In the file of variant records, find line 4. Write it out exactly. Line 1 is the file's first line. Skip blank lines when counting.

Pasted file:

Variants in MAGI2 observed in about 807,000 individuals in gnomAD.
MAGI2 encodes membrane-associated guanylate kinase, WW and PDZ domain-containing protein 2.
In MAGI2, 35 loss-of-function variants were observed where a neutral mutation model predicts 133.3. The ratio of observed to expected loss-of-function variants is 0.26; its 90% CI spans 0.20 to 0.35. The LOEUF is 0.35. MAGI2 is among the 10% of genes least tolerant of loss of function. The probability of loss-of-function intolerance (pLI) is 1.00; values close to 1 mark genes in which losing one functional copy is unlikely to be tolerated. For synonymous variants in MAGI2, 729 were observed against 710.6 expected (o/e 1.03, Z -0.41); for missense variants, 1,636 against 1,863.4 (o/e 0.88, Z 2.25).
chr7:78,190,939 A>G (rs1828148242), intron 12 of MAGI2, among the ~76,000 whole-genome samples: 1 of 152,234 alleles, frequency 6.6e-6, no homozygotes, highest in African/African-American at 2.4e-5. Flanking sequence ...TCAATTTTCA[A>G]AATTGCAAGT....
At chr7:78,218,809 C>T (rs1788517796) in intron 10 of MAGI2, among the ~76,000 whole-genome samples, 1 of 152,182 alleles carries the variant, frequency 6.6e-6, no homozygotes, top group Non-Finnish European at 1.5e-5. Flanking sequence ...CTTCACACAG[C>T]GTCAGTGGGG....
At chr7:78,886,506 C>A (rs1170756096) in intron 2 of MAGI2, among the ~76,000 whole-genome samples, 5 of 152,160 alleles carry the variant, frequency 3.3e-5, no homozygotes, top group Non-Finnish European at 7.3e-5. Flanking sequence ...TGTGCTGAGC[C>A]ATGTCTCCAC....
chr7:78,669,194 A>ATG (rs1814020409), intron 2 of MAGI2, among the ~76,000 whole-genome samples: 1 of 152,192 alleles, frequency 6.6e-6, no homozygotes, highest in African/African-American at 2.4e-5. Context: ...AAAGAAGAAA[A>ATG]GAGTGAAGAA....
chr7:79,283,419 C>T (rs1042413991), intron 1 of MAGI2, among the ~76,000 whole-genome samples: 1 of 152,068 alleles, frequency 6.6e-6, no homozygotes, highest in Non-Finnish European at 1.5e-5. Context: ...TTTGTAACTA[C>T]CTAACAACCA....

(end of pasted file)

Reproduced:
chr7:78,190,939 A>G (rs1828148242), intron 12 of MAGI2, among the ~76,000 whole-genome samples: 1 of 152,234 alleles, frequency 6.6e-6, no homozygotes, highest in African/African-American at 2.4e-5. Flanking sequence ...TCAATTTTCA[A>G]AATTGCAAGT....